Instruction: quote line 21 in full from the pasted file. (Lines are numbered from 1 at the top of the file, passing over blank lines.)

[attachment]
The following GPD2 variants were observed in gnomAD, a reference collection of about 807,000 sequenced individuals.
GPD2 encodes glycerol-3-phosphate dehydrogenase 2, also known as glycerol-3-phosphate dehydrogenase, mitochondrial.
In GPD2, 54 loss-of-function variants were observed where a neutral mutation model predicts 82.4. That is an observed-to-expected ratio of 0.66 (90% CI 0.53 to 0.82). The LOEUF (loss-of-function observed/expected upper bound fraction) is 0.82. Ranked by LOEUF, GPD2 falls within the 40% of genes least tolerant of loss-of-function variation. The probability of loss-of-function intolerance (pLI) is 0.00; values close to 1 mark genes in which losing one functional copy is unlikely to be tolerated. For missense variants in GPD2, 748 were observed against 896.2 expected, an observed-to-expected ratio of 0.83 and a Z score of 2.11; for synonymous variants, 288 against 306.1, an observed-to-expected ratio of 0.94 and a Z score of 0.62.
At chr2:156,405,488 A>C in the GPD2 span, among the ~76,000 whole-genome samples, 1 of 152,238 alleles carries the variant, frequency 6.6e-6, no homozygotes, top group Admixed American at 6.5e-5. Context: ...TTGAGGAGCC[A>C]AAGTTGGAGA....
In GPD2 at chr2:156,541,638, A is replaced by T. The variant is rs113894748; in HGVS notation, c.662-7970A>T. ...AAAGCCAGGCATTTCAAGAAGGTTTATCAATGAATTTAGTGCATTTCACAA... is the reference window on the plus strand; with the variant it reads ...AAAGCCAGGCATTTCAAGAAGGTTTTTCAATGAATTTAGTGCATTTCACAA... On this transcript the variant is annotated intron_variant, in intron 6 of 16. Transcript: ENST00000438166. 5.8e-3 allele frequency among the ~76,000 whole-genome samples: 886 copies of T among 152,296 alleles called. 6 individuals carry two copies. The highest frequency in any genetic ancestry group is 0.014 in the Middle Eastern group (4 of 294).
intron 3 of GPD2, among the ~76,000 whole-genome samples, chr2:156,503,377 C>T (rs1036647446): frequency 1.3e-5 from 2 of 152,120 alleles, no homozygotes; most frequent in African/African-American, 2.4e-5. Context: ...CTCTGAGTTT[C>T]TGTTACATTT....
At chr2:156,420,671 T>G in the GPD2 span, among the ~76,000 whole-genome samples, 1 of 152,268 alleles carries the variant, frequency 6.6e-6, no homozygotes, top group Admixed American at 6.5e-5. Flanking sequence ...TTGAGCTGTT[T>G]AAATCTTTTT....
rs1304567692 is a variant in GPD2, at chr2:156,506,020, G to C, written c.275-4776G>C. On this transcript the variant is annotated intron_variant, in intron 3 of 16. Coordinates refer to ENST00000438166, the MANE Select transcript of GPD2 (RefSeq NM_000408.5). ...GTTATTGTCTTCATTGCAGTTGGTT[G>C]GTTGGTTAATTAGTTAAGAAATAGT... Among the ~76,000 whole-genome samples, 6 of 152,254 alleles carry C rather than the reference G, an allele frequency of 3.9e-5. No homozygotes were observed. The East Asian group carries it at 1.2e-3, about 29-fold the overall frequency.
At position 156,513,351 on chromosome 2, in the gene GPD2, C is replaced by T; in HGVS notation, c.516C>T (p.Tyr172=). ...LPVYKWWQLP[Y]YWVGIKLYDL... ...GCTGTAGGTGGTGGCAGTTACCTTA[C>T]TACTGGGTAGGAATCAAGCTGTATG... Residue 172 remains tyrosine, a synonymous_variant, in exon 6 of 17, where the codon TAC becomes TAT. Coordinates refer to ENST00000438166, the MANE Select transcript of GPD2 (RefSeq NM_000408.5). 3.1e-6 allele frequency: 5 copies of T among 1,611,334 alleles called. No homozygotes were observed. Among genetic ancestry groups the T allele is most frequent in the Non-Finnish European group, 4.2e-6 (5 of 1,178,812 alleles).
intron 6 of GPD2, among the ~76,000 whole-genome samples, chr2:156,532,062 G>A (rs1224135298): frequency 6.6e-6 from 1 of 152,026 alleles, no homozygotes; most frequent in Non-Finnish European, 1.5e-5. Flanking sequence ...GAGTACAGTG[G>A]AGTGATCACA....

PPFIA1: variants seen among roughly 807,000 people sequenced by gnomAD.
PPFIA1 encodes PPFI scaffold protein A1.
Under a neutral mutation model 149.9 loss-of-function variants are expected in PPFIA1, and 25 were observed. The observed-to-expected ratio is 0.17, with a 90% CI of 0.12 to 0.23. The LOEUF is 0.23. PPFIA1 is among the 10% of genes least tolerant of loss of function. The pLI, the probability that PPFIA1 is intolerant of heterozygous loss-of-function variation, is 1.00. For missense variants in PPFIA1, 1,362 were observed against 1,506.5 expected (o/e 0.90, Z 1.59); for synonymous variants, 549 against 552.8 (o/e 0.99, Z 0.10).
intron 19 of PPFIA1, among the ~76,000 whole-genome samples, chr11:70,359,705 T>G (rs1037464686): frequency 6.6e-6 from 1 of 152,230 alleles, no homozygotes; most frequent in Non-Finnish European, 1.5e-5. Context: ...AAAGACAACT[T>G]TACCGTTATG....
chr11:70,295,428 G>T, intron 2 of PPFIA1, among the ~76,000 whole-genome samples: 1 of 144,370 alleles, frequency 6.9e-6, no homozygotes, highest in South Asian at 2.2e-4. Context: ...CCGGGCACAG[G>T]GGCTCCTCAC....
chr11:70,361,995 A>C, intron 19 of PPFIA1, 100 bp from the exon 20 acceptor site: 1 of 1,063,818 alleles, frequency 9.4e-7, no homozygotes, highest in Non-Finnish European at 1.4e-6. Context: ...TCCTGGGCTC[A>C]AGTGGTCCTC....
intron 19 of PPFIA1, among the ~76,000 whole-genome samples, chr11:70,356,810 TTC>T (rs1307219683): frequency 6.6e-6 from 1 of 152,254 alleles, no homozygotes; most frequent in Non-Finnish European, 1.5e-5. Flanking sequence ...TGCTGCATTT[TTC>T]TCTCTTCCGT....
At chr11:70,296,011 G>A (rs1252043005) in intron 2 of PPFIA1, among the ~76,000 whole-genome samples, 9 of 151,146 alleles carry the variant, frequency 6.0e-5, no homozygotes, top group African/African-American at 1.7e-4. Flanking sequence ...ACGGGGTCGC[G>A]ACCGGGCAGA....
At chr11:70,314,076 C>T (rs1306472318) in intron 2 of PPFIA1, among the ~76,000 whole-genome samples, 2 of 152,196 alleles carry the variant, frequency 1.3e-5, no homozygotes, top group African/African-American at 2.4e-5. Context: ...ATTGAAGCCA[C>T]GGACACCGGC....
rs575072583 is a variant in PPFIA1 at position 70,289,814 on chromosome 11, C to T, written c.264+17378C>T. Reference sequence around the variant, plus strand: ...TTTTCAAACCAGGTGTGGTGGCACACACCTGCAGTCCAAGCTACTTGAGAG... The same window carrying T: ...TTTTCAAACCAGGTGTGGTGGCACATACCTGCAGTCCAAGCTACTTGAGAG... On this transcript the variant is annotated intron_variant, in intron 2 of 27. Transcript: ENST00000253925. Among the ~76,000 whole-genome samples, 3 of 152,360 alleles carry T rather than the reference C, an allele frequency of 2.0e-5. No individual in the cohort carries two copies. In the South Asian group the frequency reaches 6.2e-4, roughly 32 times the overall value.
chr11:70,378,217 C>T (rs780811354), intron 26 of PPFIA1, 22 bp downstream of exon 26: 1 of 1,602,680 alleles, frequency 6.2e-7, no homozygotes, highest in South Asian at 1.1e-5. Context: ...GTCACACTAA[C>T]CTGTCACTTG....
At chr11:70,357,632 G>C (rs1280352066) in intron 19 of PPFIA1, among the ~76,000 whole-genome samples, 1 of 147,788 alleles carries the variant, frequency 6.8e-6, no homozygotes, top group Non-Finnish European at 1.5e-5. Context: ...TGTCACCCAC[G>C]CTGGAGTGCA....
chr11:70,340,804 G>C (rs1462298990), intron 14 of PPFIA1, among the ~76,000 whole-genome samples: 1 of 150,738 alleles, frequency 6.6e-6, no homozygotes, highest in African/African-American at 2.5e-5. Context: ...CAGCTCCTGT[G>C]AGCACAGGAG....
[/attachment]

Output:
chr11:70,378,217 C>T (rs780811354), intron 26 of PPFIA1, 22 bp downstream of exon 26: 1 of 1,602,680 alleles, frequency 6.2e-7, no homozygotes, highest in South Asian at 1.1e-5. Context: ...GTCACACTAA[C>T]CTGTCACTTG....